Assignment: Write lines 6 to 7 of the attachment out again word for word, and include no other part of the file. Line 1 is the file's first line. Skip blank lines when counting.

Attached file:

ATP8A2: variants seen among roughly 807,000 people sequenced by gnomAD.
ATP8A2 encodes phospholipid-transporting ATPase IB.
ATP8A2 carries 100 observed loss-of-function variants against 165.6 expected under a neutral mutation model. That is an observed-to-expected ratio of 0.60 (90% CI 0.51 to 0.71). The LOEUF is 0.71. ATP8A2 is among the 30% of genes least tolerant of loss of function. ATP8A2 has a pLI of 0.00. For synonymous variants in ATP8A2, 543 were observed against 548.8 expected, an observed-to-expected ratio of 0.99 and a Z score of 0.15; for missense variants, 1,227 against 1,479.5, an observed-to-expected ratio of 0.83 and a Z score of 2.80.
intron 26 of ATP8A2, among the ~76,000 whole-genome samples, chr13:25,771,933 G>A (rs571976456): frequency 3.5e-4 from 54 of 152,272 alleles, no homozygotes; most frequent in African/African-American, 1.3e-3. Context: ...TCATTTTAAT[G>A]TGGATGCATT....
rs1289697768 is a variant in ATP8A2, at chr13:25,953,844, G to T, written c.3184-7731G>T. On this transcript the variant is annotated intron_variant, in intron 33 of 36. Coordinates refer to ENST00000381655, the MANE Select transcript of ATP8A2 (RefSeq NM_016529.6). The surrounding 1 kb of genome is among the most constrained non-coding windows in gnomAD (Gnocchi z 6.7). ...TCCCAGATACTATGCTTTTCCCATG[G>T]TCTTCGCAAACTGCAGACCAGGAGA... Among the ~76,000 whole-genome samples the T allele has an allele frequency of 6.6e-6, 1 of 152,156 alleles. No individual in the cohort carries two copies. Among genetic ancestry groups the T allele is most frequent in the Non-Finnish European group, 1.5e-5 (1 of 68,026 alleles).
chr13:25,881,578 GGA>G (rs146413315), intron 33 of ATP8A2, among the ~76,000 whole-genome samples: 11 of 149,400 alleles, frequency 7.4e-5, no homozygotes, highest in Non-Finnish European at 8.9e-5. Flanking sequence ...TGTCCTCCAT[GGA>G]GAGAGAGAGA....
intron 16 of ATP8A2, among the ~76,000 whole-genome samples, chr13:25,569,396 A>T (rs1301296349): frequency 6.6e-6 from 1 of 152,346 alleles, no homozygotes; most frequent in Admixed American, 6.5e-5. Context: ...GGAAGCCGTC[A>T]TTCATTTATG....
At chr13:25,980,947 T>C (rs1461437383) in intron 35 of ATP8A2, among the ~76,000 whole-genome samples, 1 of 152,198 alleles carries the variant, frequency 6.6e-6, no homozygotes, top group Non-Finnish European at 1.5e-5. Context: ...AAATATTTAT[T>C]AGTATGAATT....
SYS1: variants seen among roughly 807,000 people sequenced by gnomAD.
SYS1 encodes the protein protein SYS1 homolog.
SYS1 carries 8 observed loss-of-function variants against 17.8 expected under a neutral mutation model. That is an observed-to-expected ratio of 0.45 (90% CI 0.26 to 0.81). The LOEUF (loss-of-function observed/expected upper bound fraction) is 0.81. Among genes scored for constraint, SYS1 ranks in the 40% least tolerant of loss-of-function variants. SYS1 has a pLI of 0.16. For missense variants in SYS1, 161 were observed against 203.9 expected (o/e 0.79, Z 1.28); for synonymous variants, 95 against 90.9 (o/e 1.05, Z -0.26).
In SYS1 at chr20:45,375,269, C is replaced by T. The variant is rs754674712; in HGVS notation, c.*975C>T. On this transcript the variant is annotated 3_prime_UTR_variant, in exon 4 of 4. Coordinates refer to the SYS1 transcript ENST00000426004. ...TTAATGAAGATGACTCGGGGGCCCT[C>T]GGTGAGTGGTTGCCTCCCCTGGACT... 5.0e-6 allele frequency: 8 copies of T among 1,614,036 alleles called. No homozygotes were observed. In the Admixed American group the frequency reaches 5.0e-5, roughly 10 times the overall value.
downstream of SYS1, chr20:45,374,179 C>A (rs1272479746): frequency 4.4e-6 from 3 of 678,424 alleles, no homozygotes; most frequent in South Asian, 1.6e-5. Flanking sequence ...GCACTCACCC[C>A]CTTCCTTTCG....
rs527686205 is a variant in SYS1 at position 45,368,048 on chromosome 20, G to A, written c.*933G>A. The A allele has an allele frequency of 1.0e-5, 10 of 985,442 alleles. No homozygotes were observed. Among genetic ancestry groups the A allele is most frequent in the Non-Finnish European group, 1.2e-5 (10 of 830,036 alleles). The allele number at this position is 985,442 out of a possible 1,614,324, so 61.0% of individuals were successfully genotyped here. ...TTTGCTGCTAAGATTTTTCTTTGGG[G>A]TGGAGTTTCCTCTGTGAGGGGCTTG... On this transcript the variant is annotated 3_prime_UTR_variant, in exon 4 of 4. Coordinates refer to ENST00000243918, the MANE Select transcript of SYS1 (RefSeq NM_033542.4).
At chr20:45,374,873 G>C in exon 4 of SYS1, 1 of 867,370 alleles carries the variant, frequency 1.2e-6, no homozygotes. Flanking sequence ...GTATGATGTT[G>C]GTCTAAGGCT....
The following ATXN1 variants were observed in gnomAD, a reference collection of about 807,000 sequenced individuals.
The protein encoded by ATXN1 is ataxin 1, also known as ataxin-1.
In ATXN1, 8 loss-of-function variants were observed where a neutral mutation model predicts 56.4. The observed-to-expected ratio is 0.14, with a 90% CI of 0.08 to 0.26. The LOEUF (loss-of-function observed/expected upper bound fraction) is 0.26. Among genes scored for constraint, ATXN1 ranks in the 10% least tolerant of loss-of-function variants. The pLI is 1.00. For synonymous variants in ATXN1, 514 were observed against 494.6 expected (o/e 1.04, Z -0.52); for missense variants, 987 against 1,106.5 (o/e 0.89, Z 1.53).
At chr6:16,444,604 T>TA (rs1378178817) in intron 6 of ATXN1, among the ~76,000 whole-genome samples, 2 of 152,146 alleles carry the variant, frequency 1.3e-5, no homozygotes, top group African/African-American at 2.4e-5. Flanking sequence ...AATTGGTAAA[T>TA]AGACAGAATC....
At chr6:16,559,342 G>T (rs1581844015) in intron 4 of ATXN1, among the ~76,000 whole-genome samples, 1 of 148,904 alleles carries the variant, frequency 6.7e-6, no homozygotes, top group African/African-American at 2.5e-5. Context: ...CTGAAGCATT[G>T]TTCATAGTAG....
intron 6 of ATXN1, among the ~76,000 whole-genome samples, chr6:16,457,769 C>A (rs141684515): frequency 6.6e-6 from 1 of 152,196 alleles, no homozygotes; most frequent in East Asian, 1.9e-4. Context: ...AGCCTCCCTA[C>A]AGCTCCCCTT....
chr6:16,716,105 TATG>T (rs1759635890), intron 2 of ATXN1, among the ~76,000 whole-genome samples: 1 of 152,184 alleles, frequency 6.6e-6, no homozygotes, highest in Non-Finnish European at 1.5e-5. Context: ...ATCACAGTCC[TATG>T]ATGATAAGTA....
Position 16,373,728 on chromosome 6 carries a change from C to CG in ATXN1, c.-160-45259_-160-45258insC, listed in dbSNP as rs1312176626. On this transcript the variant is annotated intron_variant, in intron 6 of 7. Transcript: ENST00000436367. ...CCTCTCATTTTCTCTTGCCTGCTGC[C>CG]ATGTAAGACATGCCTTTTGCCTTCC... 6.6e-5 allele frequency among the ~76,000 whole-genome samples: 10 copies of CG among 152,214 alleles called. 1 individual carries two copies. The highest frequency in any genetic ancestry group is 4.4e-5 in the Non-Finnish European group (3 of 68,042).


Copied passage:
chr13:25,881,578 GGA>G (rs146413315), intron 33 of ATP8A2, among the ~76,000 whole-genome samples: 11 of 149,400 alleles, frequency 7.4e-5, no homozygotes, highest in Non-Finnish European at 8.9e-5. Flanking sequence ...TGTCCTCCAT[GGA>G]GAGAGAGAGA....
intron 16 of ATP8A2, among the ~76,000 whole-genome samples, chr13:25,569,396 A>T (rs1301296349): frequency 6.6e-6 from 1 of 152,346 alleles, no homozygotes; most frequent in Admixed American, 6.5e-5. Context: ...GGAAGCCGTC[A>T]TTCATTTATG....